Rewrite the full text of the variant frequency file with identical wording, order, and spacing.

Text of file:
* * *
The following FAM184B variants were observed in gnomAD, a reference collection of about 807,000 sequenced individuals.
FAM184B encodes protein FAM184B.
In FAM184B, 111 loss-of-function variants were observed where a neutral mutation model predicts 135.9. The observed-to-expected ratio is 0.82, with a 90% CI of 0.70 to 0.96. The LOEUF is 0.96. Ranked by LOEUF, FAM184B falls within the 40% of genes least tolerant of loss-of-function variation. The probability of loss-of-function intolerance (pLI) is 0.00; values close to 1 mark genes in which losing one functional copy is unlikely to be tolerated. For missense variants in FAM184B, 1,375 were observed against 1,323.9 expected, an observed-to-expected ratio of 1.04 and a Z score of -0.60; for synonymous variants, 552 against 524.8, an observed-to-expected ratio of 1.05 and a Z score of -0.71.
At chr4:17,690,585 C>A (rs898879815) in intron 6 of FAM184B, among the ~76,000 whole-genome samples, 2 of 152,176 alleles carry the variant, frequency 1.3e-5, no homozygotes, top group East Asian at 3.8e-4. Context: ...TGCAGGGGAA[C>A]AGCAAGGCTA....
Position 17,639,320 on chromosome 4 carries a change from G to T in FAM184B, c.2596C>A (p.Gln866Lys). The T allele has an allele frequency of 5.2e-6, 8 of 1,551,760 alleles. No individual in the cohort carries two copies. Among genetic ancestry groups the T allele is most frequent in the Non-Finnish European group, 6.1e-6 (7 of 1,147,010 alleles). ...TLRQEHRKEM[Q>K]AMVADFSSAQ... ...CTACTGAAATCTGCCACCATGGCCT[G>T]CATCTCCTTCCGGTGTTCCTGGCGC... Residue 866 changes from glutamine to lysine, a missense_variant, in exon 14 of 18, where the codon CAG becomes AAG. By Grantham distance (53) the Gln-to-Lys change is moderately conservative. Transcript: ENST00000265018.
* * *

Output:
The following FAM184B variants were observed in gnomAD, a reference collection of about 807,000 sequenced individuals.
FAM184B encodes protein FAM184B.
In FAM184B, 111 loss-of-function variants were observed where a neutral mutation model predicts 135.9. The observed-to-expected ratio is 0.82, with a 90% CI of 0.70 to 0.96. The LOEUF is 0.96. Ranked by LOEUF, FAM184B falls within the 40% of genes least tolerant of loss-of-function variation. The probability of loss-of-function intolerance (pLI) is 0.00; values close to 1 mark genes in which losing one functional copy is unlikely to be tolerated. For missense variants in FAM184B, 1,375 were observed against 1,323.9 expected, an observed-to-expected ratio of 1.04 and a Z score of -0.60; for synonymous variants, 552 against 524.8, an observed-to-expected ratio of 1.05 and a Z score of -0.71.
At chr4:17,690,585 C>A (rs898879815) in intron 6 of FAM184B, among the ~76,000 whole-genome samples, 2 of 152,176 alleles carry the variant, frequency 1.3e-5, no homozygotes, top group East Asian at 3.8e-4. Context: ...TGCAGGGGAA[C>A]AGCAAGGCTA....
Position 17,639,320 on chromosome 4 carries a change from G to T in FAM184B, c.2596C>A (p.Gln866Lys). The T allele has an allele frequency of 5.2e-6, 8 of 1,551,760 alleles. No individual in the cohort carries two copies. Among genetic ancestry groups the T allele is most frequent in the Non-Finnish European group, 6.1e-6 (7 of 1,147,010 alleles). ...TLRQEHRKEM[Q>K]AMVADFSSAQ... ...CTACTGAAATCTGCCACCATGGCCT[G>T]CATCTCCTTCCGGTGTTCCTGGCGC... Residue 866 changes from glutamine to lysine, a missense_variant, in exon 14 of 18, where the codon CAG becomes AAG. By Grantham distance (53) the Gln-to-Lys change is moderately conservative. Transcript: ENST00000265018.